pretty much.

yes, we are assuming e is an element of D. the fraction e/e (or d/d) acts as the unity of D^{-1}R (remember we are dealing with equivalence classes of RxD, not actual pairs (r,d). so there may be (and usually IS) MANY ways to represent "the same fraction". this is not much more than what we have in ordinary rational numbers:

3/4 = 6/8 = 9/12.....etc.)

this ring is usually written D^{-1}R, instead of R/D, to avoid thinking we are dealing of a "quotient ring" (that is, D is not necessarily an ideal of R).

the troubling inclusion of the "e" in re/de is only because 1/d may make "no sense", R may not, in fact, posses an element 1. if it does, we can use e = 1.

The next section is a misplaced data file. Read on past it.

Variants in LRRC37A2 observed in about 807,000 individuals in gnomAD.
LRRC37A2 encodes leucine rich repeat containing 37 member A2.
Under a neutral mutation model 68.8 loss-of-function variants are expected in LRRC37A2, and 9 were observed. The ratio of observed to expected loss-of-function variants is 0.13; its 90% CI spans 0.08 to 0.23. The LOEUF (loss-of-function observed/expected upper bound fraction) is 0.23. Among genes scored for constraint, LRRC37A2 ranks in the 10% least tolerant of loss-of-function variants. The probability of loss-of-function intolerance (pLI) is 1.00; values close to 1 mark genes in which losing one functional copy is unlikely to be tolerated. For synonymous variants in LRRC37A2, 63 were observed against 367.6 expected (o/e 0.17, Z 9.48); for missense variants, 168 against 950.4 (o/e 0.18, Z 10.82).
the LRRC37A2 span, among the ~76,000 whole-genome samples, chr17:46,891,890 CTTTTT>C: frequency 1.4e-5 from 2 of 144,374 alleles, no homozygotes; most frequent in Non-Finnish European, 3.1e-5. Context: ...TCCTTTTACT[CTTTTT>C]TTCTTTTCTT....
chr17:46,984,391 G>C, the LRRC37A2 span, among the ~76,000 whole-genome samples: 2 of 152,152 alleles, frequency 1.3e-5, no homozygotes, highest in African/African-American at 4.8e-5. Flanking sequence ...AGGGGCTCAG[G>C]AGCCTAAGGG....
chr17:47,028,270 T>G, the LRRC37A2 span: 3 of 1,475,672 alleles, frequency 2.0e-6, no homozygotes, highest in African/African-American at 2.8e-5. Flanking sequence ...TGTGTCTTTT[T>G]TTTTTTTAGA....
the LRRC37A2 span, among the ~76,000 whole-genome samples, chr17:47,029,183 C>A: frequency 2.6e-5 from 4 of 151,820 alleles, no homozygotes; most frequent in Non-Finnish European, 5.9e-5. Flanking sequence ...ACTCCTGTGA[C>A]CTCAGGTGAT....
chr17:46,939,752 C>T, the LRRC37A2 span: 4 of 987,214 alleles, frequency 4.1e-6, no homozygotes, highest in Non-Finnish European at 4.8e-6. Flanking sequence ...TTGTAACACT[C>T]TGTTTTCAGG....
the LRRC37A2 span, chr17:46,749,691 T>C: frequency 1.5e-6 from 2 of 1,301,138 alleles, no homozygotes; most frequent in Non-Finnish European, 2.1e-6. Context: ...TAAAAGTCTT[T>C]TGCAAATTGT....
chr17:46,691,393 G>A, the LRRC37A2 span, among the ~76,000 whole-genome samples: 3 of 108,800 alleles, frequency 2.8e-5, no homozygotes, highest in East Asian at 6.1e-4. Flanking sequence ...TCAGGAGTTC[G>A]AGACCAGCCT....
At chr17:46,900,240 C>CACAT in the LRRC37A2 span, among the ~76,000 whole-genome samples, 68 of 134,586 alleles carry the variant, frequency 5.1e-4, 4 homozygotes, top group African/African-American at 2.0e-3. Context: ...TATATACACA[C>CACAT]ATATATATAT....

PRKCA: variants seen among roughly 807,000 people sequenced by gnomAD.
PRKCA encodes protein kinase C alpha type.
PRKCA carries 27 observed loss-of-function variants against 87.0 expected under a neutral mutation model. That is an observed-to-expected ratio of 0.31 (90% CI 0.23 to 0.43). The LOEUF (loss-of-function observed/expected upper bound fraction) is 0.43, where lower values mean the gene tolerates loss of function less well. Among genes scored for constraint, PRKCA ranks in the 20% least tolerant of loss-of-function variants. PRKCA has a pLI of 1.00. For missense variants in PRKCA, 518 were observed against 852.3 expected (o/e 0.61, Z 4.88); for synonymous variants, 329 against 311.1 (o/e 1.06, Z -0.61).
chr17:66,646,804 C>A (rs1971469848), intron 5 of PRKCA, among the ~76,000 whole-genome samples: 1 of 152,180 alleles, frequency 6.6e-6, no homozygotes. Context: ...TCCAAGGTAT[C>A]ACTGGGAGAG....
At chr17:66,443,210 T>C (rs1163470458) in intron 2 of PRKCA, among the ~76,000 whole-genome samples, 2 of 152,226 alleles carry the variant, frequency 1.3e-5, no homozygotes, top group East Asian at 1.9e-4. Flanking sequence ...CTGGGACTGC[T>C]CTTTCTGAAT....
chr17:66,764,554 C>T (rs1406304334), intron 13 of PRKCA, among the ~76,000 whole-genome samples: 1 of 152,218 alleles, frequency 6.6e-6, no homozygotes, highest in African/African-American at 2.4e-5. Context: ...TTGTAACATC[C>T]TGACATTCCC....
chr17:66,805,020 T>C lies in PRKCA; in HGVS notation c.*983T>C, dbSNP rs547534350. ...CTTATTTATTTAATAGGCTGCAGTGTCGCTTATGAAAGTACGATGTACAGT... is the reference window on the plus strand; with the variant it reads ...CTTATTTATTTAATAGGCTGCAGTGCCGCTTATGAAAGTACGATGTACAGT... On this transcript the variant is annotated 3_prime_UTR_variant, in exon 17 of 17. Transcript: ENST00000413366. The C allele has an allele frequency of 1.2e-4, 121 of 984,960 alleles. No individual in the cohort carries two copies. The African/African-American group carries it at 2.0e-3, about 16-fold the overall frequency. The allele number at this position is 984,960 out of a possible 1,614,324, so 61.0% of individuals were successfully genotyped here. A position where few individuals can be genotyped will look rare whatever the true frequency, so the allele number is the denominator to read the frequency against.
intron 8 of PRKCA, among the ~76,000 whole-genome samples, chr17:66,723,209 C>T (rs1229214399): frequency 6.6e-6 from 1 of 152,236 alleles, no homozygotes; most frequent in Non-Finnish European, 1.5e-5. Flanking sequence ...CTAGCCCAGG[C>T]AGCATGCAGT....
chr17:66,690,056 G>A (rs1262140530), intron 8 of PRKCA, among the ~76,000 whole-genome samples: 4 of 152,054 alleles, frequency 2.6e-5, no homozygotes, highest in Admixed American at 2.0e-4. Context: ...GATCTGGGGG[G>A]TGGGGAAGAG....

here is another example, which may give some additional perspective: suppose R = 2Z[x], all integer polynomials with even coefficients.

suppose we need to create a ring that contains this ring as a subring, but in which 2x^{4}has an inverse.

we can take D = 2Z[x^{4}] - {0}, non-zero polynomials in x^{4}with even integer coefficients (not closed under addition, but *is* closed under multiplication).

what is our "newly-created" inverse of 2x^{4}in D^{-1}R? well one possible form of it is:

2/(4x^{4}) (the top is in R, and the bottom is in D).

of course, for any p(x) in D, 2p(x)/(4x^{2}p(x)) would work just as well, for example, we could use:

p(x) = 2x^{4}+ 4, and in which case:

(4x^{4}+ 8)/(8x^{8}+ 16x^{4}) is also a form of (2x^{4})^{-1}.